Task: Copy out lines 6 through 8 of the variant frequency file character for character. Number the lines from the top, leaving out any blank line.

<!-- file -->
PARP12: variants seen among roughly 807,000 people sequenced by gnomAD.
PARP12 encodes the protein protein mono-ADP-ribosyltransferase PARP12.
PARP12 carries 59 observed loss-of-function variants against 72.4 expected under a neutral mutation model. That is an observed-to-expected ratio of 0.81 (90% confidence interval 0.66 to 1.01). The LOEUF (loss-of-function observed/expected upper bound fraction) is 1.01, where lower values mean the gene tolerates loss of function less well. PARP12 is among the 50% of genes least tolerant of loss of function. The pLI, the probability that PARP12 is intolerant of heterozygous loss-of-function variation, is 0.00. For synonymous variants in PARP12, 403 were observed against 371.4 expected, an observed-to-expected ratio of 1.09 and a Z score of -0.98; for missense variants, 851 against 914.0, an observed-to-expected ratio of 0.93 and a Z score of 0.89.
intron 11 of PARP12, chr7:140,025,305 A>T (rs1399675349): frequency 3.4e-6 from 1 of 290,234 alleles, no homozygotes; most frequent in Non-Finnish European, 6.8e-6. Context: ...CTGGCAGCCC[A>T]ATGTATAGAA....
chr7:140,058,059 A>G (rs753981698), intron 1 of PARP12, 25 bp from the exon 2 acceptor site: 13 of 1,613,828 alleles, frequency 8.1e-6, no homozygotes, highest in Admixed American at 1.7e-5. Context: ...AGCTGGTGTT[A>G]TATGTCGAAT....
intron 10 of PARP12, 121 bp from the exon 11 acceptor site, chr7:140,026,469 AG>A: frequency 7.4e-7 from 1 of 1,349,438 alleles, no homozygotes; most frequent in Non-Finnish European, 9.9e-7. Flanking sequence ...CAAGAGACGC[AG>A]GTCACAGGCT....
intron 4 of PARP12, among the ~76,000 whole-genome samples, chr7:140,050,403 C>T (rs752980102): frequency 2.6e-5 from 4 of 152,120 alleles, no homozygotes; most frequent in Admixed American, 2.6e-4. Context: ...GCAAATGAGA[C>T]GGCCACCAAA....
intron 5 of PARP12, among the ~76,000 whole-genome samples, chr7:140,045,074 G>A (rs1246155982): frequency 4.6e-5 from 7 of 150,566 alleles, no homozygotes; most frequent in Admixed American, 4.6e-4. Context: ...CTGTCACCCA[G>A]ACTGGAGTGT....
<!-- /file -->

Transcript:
intron 10 of PARP12, 121 bp from the exon 11 acceptor site, chr7:140,026,469 AG>A: frequency 7.4e-7 from 1 of 1,349,438 alleles, no homozygotes; most frequent in Non-Finnish European, 9.9e-7. Flanking sequence ...CAAGAGACGC[AG>A]GTCACAGGCT....
intron 4 of PARP12, among the ~76,000 whole-genome samples, chr7:140,050,403 C>T (rs752980102): frequency 2.6e-5 from 4 of 152,120 alleles, no homozygotes; most frequent in Admixed American, 2.6e-4. Context: ...GCAAATGAGA[C>T]GGCCACCAAA....
intron 5 of PARP12, among the ~76,000 whole-genome samples, chr7:140,045,074 G>A (rs1246155982): frequency 4.6e-5 from 7 of 150,566 alleles, no homozygotes; most frequent in Admixed American, 4.6e-4. Context: ...CTGTCACCCA[G>A]ACTGGAGTGT....